Sometimes they think I can kick this person out
But landlords say margins are small and the upcoming removal of some tax
relief for landlords will put on more pressure.
It just so happens it's houses, but everybody else has to have
some sort of capital, whether it's the shop
that they are paying rent on, staff that are paid to make cups
Many people don't see it, we just do it slightly differently.
Ours is mainly capital because we are buying a house.
But we still have to do all the repairs.
This problem has been growing for several years.
It has huge social costs, personal costs, but also financial
costs when you consider that the impact of preventing
homelessness for 40,000 people will be a ?370 million
Stephen Woods knows all about the personal cost.
The so-called bedroom tax, or spare room subsidy,
and other benefit changes meant he faced eviction twice from his
The Northampton Community Law Service helped keep him in his home.
If I don't live here, I'm not going to get
anywhere else to live, I'll be living on the streets.
For me, I don't think I'd survive very long out there.
No one would object to everyone having their own place
The question is whether this new bill will help get us any
I'm joined now by Cambridge's councillor for housing, Kevin Price.
Cambridge has seen one of the highest increases.
Why are you failing to keep pace with the problem?
I don't see it that we are failing to keep pace with the problem.
As you've seen, this is a national problem.
The increase in homelessness is not just confined
But other places are doing better than you with the problem.
We already spend a lot of money on homelessness prevention
and our single homelessness service has prevented some 350
In 2010, there were something like 144 homeless applications
It's not a question of us not keeping pace, it is a question
of so many national changes taking effect in a place where the cost
of living, like Cambridge, which is very, very high.
We heard the councillor in that report describe feeling
Is this a problem that's difficult to cope with?
I wouldn't say I'm overwhelmed by it, we're disappointed
But we are aware that more and more people now are losing private rented
sector tenancies and as such have nowhere else to turn.
Councils like ours, we are a stockholding
authority, we just don't have the numbers of homes.
We heard the representative from Crisis make that case.
By preventing this, it's a very financially good decision.
We put as much money as we've got that we can put in.
I hear that the Homelessness Prevention Bill will provide some
more money and of course all extra income will be welcome.
I'm not sure the amount they are talking about will do.
Not enough money coming from central government, that's
There's something like a ?500 million programme on homelessness
The government reckons it saved maybe a million people
There's been an increase from the time that your report
was compiled, it's now ?61 million that the government
It's a bill that's been compiled with all-party support
and with the charities involved as well.
?61 million shared between all the councils everywhere.
That is new money going on top of what councils already are doing.
This bill was put together as a private member's motion,
it gathered the support of a number of charities, including
some of those you've had on the programme,
to try and help find an answer to doing something earlier.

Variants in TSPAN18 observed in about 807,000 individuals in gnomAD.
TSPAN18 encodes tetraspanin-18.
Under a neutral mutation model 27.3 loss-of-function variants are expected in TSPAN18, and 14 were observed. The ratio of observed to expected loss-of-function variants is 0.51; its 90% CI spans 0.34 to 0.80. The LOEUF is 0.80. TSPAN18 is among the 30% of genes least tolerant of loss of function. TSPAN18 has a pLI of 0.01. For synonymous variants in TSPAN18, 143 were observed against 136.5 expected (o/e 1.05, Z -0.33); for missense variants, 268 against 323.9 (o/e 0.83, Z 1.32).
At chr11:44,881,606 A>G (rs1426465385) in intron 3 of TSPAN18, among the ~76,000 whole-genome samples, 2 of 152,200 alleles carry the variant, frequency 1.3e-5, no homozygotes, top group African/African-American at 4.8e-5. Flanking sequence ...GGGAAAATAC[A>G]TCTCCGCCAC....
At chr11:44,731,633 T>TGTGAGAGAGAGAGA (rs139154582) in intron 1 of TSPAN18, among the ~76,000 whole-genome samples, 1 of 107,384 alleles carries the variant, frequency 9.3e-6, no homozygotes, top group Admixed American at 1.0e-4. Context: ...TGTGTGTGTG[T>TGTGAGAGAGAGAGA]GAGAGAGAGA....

People feel it's a very positive move to try to deal
Bedford has got one of the highest numbers of rough sleepers.
Something is going very wrong on your doorstep.
Homelessness is complex and rough sleeping is complex.
It is caused by a whole series of factors, including some that
They've often been through some difficult times, a crisis,
sometimes they've been in institutions, sometimes
The link with mental health is also incredibly important.
And the fact it's predominantly male is also something that needs
Kelvin Hopkins, we're talking about numbers in different places.
Do you know what the official count of rough sleepers is in Luton?
I forget now, but it's 79 or something like that.
I think rough sleeping is only the tip of an iceberg.
In Luton, we have 12,000 people on the waiting list.
When I was a councillor in the 1970s, we built
thousands of houses, we bought hundreds more
houses, and we housed the complete waiting list.
Not enough social housing, that's what it's all about?
I think as people know the government is very
There's a housing white paper coming out very soon.
Everybody around our region has seen a lot of housing being built,
Social housing was a problem for the last Labour government
More money is being put in, more affordable homes need to be there,
but it is a significant issue and everyone is aware of that.
Together with the changes in the nature in the way people
live, more people live single, more families are separated,
competing pressures all round, it's a big issue and councils
and government are doing the very best they can.
Kevin Price, you must walk through the streets of Cambridge
on a daily basis and you see these people that are vulnerable,
Can you do anything to promise them that things will
What we've recently set up in Cambridge is a charity called
We are encouraging local people to donate money that they might
otherwise give to people on the street.
By all means, if somebody is hungry or thirsty,
help them with that, but we feel that by directing money
through this charity, homeless people can then apply
More from both of you in just a moment.
It's time now for our 60-second round up of the week.
Demonstrations were held around the region to protest
against President Trump and his new immigration policy.
If you just lie down and pretend it's not happening,
there's nothing to stop it growing and being extended both
The Police and Crime Commissioners for Norfolk, Suffolk
and Northamptonshire want to increase their share
of council tax by 2% because the demands
Modern crime is quite complex, whether it's cyber crime,
We need to make sure we resource all of those accordingly.
The Colchester MP's appealed for the mainline to London